• Beth Roberts

Shelf Talk 7: Summer Reading Part 1

Do you remember Summer Reading at the Library? I sure do. As a kid, nothing focused my competitive urges quite like Summer Reading. I was not a particularly athletic child. I enjoyed the experience of playing a game more than beating other players. But reading? Books were my home turf. And in Summer Reading, I could compete against myself: read more hours than I had the previous year, finish more books, complete more activities.


There was nothing quite like the thrill of registering for the Summer Reading Program. The librarian in our town expected kids to complete the forms themselves, to take responsibility for choosing a reading goal and reporting progress. It felt so official! I felt so responsible! I would pile a cloth bag with books and crack the first one in the car on the way home, eager to put a sticker on the reading record.


There was something special about choosing books for Summer Reading. Unlike in school, I could choose anything I wanted. I could try books well above my reading level, or grab an easier favorite to read aloud to my little sister. I could read when and where and what I wanted. For me, Summer Reading was an expression of summer freedom.


As an adult, I see the value of Summer Reading in a different way. Library Summer Reading programs are vital to help bridge an educational gap between school years, to keep kids engaged, reading, and learning during a time when many students actually lose hard-gained knowledge from the previous school year. Studies show that a "summer slide" is real: students' reading levels tend to drop 1-2 grade levels over summer break.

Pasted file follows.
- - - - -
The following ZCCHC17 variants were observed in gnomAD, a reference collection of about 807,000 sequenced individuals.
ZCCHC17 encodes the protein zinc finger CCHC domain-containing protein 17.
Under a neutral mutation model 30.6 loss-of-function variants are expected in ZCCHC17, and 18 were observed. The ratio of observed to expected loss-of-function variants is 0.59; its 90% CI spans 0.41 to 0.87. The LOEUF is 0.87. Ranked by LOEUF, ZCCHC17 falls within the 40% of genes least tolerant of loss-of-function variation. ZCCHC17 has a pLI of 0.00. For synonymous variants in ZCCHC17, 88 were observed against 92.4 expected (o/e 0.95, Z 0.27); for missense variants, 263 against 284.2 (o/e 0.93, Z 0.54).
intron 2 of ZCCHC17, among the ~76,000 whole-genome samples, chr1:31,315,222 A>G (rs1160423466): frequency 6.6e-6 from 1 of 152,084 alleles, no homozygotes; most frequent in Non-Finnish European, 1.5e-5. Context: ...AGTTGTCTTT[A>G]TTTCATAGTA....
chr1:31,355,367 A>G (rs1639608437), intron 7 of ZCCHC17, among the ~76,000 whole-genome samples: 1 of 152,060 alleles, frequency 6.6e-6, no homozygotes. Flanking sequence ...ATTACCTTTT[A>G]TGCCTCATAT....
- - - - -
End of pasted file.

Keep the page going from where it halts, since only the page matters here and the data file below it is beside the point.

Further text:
According to composite scores on 3rd grade standardized tests, nearly 65% of students in Mississippi County already read below grade level. For them, summer slide is detrimental. Many of the students who read on the lowest levels also live in poverty (38% of families in Mississippi County), and thus do not have access to summer camps and continuing education resources. These families rely on the library for summer activities and access to reading material and information services. The library's Summer Reading program offers educational programming, a wide selection of reading material, staff ready to model and encourage reading, and an incentive structure in place to squeeze learning out of even the most reluctant reader.


Last year, the Mississippi County Library System (MCLS) Summer Reading Program served nearly 400 children from across the county. These children completed nearly 300 book reviews and reported almost 7,000 hours of reading during the month of June. That's 291 days of reading!


This year, Summer Reading will be different. Current precautions to prevent the spread of COVID19 mean that MCLS will not host any in-person programming or events. The most popular contracted performances – Animal Show, Magician, Puppet Theater – will be postponed until the Fall. We will miss having our buildings filled with kids and their laughter. We will miss the energy of daily programs.


But different can be good. The Summer Reading Program will be virtual this year: participants will register, track their reading, submit reviews, and complete missions via an online app. We’ll be providing weekly Take & Make crafts for kids to complete at home, and will offer online story times, STEM activities, reading lists, literacy games, and more! We are doubling the scope of the program, running June 15-August 15, instead of just June. Instead of a grand prize party, in which prizes were chosen by lottery, participants will be able to earn prizes at different point levels. We can’t wait for the fun to begin!


Stay tuned for registration details and ways to help the kids in your life overcome the “summer slide.” As always, I’m available for questions and assistance; you can reach me at broberts@mclibrary.net.


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